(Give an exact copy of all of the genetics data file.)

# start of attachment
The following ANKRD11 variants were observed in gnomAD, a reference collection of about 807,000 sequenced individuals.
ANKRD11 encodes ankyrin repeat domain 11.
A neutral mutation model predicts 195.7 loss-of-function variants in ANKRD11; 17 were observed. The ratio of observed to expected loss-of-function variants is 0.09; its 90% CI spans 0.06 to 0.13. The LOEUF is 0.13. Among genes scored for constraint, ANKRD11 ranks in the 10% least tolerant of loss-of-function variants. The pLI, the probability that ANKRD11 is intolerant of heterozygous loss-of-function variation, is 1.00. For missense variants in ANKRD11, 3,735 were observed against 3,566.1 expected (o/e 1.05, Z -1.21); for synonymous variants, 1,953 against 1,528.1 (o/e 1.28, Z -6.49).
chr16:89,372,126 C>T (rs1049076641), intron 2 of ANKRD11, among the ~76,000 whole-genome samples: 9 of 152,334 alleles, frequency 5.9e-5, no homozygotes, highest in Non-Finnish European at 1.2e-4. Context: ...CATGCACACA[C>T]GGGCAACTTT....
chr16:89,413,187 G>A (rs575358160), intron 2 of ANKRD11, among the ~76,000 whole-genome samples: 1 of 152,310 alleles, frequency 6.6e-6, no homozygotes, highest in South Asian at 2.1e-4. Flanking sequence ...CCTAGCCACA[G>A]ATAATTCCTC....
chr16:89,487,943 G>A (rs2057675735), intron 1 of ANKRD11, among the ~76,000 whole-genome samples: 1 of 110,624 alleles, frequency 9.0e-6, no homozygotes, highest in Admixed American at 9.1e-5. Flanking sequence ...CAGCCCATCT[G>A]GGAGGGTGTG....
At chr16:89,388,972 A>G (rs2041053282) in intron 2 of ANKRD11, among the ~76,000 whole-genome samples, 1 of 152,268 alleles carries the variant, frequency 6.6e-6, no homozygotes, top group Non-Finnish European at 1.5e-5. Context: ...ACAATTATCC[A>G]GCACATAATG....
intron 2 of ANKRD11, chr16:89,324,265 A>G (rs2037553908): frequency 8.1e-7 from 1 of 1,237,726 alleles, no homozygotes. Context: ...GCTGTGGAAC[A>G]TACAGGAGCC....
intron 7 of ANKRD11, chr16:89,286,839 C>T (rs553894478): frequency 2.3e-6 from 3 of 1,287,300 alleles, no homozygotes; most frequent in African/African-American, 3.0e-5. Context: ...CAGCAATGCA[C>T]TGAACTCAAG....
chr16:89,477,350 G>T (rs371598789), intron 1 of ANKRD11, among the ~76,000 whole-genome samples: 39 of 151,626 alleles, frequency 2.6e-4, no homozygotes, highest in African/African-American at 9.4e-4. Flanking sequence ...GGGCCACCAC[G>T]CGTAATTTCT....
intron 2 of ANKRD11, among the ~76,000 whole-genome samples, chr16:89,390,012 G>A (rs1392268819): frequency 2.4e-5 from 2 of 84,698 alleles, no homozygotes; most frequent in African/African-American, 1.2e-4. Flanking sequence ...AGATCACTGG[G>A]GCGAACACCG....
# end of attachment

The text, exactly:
The following ANKRD11 variants were observed in gnomAD, a reference collection of about 807,000 sequenced individuals.
ANKRD11 encodes ankyrin repeat domain 11.
A neutral mutation model predicts 195.7 loss-of-function variants in ANKRD11; 17 were observed. The ratio of observed to expected loss-of-function variants is 0.09; its 90% CI spans 0.06 to 0.13. The LOEUF is 0.13. Among genes scored for constraint, ANKRD11 ranks in the 10% least tolerant of loss-of-function variants. The pLI, the probability that ANKRD11 is intolerant of heterozygous loss-of-function variation, is 1.00. For missense variants in ANKRD11, 3,735 were observed against 3,566.1 expected (o/e 1.05, Z -1.21); for synonymous variants, 1,953 against 1,528.1 (o/e 1.28, Z -6.49).
chr16:89,372,126 C>T (rs1049076641), intron 2 of ANKRD11, among the ~76,000 whole-genome samples: 9 of 152,334 alleles, frequency 5.9e-5, no homozygotes, highest in Non-Finnish European at 1.2e-4. Context: ...CATGCACACA[C>T]GGGCAACTTT....
chr16:89,413,187 G>A (rs575358160), intron 2 of ANKRD11, among the ~76,000 whole-genome samples: 1 of 152,310 alleles, frequency 6.6e-6, no homozygotes, highest in South Asian at 2.1e-4. Flanking sequence ...CCTAGCCACA[G>A]ATAATTCCTC....
chr16:89,487,943 G>A (rs2057675735), intron 1 of ANKRD11, among the ~76,000 whole-genome samples: 1 of 110,624 alleles, frequency 9.0e-6, no homozygotes, highest in Admixed American at 9.1e-5. Flanking sequence ...CAGCCCATCT[G>A]GGAGGGTGTG....
At chr16:89,388,972 A>G (rs2041053282) in intron 2 of ANKRD11, among the ~76,000 whole-genome samples, 1 of 152,268 alleles carries the variant, frequency 6.6e-6, no homozygotes, top group Non-Finnish European at 1.5e-5. Context: ...ACAATTATCC[A>G]GCACATAATG....
intron 2 of ANKRD11, chr16:89,324,265 A>G (rs2037553908): frequency 8.1e-7 from 1 of 1,237,726 alleles, no homozygotes. Context: ...GCTGTGGAAC[A>G]TACAGGAGCC....
intron 7 of ANKRD11, chr16:89,286,839 C>T (rs553894478): frequency 2.3e-6 from 3 of 1,287,300 alleles, no homozygotes; most frequent in African/African-American, 3.0e-5. Context: ...CAGCAATGCA[C>T]TGAACTCAAG....
chr16:89,477,350 G>T (rs371598789), intron 1 of ANKRD11, among the ~76,000 whole-genome samples: 39 of 151,626 alleles, frequency 2.6e-4, no homozygotes, highest in African/African-American at 9.4e-4. Flanking sequence ...GGGCCACCAC[G>T]CGTAATTTCT....
intron 2 of ANKRD11, among the ~76,000 whole-genome samples, chr16:89,390,012 G>A (rs1392268819): frequency 2.4e-5 from 2 of 84,698 alleles, no homozygotes; most frequent in African/African-American, 1.2e-4. Flanking sequence ...AGATCACTGG[G>A]GCGAACACCG....